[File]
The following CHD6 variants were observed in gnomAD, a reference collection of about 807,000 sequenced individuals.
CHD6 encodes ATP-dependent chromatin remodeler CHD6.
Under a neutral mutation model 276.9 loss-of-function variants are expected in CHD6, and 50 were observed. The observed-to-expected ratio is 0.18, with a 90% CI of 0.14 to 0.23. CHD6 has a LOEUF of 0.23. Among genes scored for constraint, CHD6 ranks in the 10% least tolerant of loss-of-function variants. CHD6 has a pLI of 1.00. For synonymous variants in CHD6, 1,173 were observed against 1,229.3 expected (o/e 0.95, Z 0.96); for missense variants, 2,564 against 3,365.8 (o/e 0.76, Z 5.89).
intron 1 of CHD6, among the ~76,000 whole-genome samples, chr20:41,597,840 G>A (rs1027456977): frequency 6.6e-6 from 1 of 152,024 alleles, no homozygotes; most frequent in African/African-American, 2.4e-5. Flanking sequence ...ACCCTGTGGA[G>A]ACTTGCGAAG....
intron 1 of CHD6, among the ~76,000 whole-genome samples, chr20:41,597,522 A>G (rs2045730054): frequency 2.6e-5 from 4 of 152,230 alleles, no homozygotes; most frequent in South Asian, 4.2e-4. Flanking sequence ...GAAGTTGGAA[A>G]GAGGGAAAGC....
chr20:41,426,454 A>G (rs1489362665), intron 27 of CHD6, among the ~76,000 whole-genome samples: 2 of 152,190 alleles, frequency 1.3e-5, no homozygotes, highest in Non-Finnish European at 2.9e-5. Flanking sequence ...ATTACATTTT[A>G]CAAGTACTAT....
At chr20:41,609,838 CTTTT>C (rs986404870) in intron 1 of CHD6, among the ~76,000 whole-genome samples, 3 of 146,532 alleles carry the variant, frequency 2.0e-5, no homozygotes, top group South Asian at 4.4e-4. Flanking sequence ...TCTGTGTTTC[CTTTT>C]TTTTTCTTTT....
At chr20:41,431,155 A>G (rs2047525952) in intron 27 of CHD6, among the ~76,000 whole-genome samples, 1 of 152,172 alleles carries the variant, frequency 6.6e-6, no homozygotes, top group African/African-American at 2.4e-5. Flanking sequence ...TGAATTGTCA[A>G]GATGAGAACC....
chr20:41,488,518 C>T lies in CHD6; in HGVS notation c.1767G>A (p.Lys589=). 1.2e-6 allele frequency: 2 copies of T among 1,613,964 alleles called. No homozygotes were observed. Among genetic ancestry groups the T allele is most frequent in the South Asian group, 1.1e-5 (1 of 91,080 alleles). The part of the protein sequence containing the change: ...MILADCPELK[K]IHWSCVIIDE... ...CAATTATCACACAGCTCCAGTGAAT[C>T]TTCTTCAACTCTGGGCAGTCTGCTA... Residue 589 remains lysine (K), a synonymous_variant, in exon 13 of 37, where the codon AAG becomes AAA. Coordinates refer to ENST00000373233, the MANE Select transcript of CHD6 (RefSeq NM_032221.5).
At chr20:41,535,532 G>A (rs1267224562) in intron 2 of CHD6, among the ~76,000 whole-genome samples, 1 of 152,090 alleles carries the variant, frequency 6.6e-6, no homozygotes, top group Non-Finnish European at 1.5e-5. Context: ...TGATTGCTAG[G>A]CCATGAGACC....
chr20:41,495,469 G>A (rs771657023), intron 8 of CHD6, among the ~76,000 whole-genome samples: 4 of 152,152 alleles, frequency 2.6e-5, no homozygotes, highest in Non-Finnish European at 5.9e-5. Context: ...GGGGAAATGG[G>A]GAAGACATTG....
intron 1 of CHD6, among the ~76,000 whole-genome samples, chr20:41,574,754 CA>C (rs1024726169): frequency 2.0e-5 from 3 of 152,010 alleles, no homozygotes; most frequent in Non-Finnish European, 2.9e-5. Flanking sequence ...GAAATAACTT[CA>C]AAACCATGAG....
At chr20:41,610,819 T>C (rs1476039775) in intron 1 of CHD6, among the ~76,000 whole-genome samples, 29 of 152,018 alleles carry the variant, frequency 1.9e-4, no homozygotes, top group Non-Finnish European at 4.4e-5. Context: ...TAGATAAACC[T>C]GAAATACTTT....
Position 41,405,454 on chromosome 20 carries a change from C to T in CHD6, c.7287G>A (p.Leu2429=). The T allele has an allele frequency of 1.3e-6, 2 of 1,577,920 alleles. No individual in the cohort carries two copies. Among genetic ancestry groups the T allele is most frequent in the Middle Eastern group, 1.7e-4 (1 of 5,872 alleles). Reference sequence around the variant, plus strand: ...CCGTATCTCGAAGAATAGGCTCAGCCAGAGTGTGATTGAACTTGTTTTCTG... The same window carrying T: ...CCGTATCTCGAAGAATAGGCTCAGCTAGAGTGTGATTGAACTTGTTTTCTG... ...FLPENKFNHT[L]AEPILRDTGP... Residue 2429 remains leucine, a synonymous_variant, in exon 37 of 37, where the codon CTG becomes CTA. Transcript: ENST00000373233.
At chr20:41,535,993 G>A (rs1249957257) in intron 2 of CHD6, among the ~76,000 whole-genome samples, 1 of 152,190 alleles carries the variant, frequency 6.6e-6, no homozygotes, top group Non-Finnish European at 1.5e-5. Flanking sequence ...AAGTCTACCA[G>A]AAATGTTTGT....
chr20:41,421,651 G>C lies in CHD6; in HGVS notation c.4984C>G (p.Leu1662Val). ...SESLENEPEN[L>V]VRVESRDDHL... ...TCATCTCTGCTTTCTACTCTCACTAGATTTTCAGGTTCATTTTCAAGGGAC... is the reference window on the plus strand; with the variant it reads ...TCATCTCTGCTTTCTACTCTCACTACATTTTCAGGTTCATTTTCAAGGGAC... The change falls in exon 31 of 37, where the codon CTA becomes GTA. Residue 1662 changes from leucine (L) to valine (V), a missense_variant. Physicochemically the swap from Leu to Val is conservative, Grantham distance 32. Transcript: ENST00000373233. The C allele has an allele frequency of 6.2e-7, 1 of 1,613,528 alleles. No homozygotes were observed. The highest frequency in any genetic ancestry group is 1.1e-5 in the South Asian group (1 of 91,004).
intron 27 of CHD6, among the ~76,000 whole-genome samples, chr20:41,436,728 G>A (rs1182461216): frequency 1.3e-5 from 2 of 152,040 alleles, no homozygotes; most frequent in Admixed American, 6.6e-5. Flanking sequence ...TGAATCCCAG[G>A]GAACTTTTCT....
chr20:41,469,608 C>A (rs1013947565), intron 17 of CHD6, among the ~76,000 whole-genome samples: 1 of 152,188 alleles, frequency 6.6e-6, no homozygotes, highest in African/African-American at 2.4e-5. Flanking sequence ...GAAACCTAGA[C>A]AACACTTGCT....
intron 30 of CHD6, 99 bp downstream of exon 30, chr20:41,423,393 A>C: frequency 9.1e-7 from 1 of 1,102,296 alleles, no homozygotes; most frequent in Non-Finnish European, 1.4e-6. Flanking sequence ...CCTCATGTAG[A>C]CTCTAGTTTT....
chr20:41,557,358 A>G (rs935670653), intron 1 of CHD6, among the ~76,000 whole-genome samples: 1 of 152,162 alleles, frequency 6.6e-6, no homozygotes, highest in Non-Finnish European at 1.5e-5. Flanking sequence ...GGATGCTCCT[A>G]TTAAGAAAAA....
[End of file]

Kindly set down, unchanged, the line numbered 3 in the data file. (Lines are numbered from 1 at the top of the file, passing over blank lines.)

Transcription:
Under a neutral mutation model 276.9 loss-of-function variants are expected in CHD6, and 50 were observed. The observed-to-expected ratio is 0.18, with a 90% CI of 0.14 to 0.23. CHD6 has a LOEUF of 0.23. Among genes scored for constraint, CHD6 ranks in the 10% least tolerant of loss-of-function variants. CHD6 has a pLI of 1.00. For synonymous variants in CHD6, 1,173 were observed against 1,229.3 expected (o/e 0.95, Z 0.96); for missense variants, 2,564 against 3,365.8 (o/e 0.76, Z 5.89).